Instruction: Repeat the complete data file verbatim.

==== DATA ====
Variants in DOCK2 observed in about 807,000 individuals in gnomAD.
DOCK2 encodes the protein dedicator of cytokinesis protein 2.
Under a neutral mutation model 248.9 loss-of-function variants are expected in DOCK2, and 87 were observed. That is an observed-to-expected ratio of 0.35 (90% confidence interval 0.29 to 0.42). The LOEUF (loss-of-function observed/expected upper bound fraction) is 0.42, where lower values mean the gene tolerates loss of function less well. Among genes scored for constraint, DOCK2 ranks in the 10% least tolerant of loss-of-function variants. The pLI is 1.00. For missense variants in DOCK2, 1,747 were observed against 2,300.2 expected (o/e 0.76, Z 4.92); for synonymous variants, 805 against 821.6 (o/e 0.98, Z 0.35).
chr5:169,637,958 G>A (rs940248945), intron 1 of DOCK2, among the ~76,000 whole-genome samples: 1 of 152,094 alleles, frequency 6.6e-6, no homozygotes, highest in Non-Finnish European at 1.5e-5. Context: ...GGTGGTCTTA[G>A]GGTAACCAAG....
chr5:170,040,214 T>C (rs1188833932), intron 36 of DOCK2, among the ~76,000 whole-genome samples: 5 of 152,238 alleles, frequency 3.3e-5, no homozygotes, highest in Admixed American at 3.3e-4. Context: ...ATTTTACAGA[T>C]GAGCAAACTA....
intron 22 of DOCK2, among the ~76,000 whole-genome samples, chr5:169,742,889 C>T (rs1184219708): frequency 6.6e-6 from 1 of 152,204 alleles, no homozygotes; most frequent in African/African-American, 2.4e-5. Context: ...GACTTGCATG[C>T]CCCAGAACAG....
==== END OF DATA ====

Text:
Variants in DOCK2 observed in about 807,000 individuals in gnomAD.
DOCK2 encodes the protein dedicator of cytokinesis protein 2.
Under a neutral mutation model 248.9 loss-of-function variants are expected in DOCK2, and 87 were observed. That is an observed-to-expected ratio of 0.35 (90% confidence interval 0.29 to 0.42). The LOEUF (loss-of-function observed/expected upper bound fraction) is 0.42, where lower values mean the gene tolerates loss of function less well. Among genes scored for constraint, DOCK2 ranks in the 10% least tolerant of loss-of-function variants. The pLI is 1.00. For missense variants in DOCK2, 1,747 were observed against 2,300.2 expected (o/e 0.76, Z 4.92); for synonymous variants, 805 against 821.6 (o/e 0.98, Z 0.35).
chr5:169,637,958 G>A (rs940248945), intron 1 of DOCK2, among the ~76,000 whole-genome samples: 1 of 152,094 alleles, frequency 6.6e-6, no homozygotes, highest in Non-Finnish European at 1.5e-5. Context: ...GGTGGTCTTA[G>A]GGTAACCAAG....
chr5:170,040,214 T>C (rs1188833932), intron 36 of DOCK2, among the ~76,000 whole-genome samples: 5 of 152,238 alleles, frequency 3.3e-5, no homozygotes, highest in Admixed American at 3.3e-4. Context: ...ATTTTACAGA[T>C]GAGCAAACTA....
intron 22 of DOCK2, among the ~76,000 whole-genome samples, chr5:169,742,889 C>T (rs1184219708): frequency 6.6e-6 from 1 of 152,204 alleles, no homozygotes; most frequent in African/African-American, 2.4e-5. Context: ...GACTTGCATG[C>T]CCCAGAACAG....